Since the beginning of our Lean journey, over two years ago, we have initiated more than 50 kaizen events, carefully selected to make improvements that will contribute to our goal. Initially, these events were chaired and run and peopled by supervisors and leads, or engineers. And while these events were deemed successful, we have changed tack and instead now select participants who are users of the process under review. They are given the training needed to properly effect process change. This ensures the presence of a subject matter expert during the event and includes employees in the development of solutions to our everyday problems. In doing so, we are creating an army of problem solvers rather than a facility full of people waiting to receive direction from someone who may not be as familiar with the process as they are themselves.
The training becomes its own reword. We have a proverb posted in our Lean project-management office: “Tell me and I will forget, show me and I may remember, involve me and I’ll understand.” One, two or 10 people cannot drive cultural change. It requires empowerment, engagement, and consistency until it takes on a life of its own. Our early events involved convincing and coercion of employees to attend projects. But given even a modicum of success, employees were ready to join the next team and often requested to be involved. When their co-workers saw the change, and heard the success stories, they too became willing participants in the movement.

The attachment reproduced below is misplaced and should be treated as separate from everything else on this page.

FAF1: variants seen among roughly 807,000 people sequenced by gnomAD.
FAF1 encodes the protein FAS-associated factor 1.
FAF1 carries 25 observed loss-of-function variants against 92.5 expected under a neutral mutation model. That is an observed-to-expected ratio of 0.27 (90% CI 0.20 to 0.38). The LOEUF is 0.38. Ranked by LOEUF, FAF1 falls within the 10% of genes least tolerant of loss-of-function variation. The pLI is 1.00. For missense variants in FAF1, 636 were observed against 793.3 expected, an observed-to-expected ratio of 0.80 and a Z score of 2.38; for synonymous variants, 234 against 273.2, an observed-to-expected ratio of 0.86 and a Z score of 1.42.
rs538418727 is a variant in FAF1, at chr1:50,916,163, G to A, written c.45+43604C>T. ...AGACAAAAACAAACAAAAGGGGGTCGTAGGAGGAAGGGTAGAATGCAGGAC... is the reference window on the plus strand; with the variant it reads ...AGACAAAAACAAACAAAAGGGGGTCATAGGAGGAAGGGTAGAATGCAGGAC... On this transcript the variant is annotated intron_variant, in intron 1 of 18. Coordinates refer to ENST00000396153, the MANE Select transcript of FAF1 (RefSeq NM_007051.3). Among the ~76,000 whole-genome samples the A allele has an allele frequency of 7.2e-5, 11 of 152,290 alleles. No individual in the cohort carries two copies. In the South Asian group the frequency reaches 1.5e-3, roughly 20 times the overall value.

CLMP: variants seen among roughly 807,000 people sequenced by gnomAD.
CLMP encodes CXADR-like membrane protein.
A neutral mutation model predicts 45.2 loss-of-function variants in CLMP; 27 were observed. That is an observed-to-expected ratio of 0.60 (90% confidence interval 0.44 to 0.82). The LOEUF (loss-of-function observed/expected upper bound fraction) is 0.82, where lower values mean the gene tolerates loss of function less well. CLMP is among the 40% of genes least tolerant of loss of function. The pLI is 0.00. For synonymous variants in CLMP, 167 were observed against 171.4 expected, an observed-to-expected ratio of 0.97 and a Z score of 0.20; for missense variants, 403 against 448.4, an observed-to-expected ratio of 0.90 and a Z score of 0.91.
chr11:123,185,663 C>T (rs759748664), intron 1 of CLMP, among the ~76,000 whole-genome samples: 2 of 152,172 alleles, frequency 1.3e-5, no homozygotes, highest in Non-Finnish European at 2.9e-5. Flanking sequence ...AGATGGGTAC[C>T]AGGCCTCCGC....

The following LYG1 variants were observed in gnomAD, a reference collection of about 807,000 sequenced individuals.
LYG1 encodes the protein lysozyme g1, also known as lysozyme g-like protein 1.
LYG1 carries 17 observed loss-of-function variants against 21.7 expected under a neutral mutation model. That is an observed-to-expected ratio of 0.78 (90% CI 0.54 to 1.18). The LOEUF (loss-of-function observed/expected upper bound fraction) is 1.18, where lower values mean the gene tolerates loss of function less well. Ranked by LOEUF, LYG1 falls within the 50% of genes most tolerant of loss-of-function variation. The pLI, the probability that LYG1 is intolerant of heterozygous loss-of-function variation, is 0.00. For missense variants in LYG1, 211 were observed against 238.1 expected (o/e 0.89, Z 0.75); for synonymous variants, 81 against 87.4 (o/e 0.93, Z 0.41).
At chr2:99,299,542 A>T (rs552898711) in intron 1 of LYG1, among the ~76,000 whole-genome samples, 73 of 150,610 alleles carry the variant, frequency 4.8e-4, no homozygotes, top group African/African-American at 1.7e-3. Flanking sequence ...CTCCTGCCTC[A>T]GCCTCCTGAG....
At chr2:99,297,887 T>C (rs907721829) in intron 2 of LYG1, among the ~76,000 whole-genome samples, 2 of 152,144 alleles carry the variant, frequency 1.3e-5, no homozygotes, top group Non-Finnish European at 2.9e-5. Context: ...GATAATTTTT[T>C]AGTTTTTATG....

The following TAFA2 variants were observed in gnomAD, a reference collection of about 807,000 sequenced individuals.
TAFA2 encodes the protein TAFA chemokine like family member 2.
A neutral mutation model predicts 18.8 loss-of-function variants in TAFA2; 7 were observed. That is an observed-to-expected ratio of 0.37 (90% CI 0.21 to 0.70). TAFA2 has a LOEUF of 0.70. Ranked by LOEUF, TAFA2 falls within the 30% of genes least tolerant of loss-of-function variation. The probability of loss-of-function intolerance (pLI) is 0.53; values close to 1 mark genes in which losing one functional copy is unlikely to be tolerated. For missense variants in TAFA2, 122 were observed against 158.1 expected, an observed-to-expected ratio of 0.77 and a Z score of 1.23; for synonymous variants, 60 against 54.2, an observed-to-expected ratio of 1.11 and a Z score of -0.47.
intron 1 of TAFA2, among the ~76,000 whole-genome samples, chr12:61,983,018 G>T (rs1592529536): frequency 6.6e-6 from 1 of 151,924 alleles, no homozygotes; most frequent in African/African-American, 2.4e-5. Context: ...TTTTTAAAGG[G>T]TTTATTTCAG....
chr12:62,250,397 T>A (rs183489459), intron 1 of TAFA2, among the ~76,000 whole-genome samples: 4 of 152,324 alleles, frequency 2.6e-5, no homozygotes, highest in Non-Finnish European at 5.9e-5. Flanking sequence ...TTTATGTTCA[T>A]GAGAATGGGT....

Training allows employees a higher sense of self-worth. It gives them confidence and the knowledge needed to transform the world around them. It can eliminate the need for close supervision. It eliminates employee frustration and eventual disengagement due to feelings of being powerless to effect change.
Although it may be more difficult to measure, a well-trained and empowered workforce will do more to drive quality, cost effectiveness, and continuous process improvement than the newest, sleekest, and fastest automation on the market.
This article was originally published in the August 2017 issue of SMT Magazine.